The Acting Mind and The Supervising Mind

Last Updated: August 31, 2015

I’ve come to believe in the importance of always having two minds.

One of them is the acting—as in “action”—mind. This is the mind that’s telling your body what to say, how to move, whether to react. The acting mind needs most of your available attention because it’s responsible for most of your interactions with the world. It executes and responds. The acting mind is the tactical mind.

The other mind is the supervising mind. The supervising mind sits in the background and watches and listens. It’s there to pay attention to the big picture, to long term trends, to necessary changes in direction. The supervising mind is a background process, and usually only needs a small minority of your attention to keep it sustained; but every so often, it rises to the front, the pieces of a pattern fit together, and it gives the acting mind a strategy update—”you’ve been talking too much in this conversation, and Jane is looking increasingly agitated, we need to see what she has to say”.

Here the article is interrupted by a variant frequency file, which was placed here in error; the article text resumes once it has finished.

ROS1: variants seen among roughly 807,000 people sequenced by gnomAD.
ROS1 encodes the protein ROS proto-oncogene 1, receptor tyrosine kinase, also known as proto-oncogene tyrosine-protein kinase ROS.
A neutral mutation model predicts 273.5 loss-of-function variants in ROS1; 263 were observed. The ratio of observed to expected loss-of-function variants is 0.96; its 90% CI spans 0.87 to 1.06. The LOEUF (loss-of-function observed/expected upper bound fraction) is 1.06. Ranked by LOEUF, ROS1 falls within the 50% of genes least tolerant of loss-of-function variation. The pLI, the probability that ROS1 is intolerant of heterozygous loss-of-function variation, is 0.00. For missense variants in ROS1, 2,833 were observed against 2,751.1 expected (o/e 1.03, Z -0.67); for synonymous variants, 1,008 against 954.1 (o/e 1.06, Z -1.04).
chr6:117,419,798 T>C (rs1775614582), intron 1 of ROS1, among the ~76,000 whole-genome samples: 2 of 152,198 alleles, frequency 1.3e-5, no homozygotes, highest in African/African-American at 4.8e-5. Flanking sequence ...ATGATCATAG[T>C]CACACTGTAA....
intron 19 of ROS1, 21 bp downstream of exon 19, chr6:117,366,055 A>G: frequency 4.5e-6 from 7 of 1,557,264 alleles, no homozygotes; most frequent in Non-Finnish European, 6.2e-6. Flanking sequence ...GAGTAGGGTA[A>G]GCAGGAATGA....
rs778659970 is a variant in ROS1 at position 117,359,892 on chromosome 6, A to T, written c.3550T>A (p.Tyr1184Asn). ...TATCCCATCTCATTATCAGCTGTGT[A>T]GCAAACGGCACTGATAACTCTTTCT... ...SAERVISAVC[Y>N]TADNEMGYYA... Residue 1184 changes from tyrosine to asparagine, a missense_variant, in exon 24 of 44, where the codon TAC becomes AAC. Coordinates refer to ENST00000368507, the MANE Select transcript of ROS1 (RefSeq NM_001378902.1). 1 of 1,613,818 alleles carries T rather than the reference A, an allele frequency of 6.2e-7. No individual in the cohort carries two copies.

How do we use this split?

In math, as I often tell my mentored students, it’s useful to keep your acting mind on the calculation or proof at hand, but it’s vital to keep your supervising mind around, watching out for errant sign-changes between lines and observing the large scale structure of your approach for invalid assumptions and logical connections to other ideas.

In conversation, the job of your acting mind is to be the most effective conversationalist possible, but your supervising mind is there to govern how much—or how little!—you should be talking, or to alert you when you need to change your tone, tenor, ask, or emote.

In athletic training, your acting mind is focused on executing the form or technique as your coach, video, or imagination described it, while your supervising mind is there to question whether what you’re doing is actually what your coach meant, or whether what you dreamt up is likely to be effective in a game situation.

While walking down the street, your acting mind can rule the conversation with your fellows, or your lonesome ponderings, but your supervising mind ought to keep an eye out for where you’re headed, and what sort of neighborhood you’re passing through to get there.

In short, in everything. Execute tactics with the grand majority of your attention, but keep a mind looking to strategy at all times. The best tactics in the world are useless if they don’t support a coherent strategy.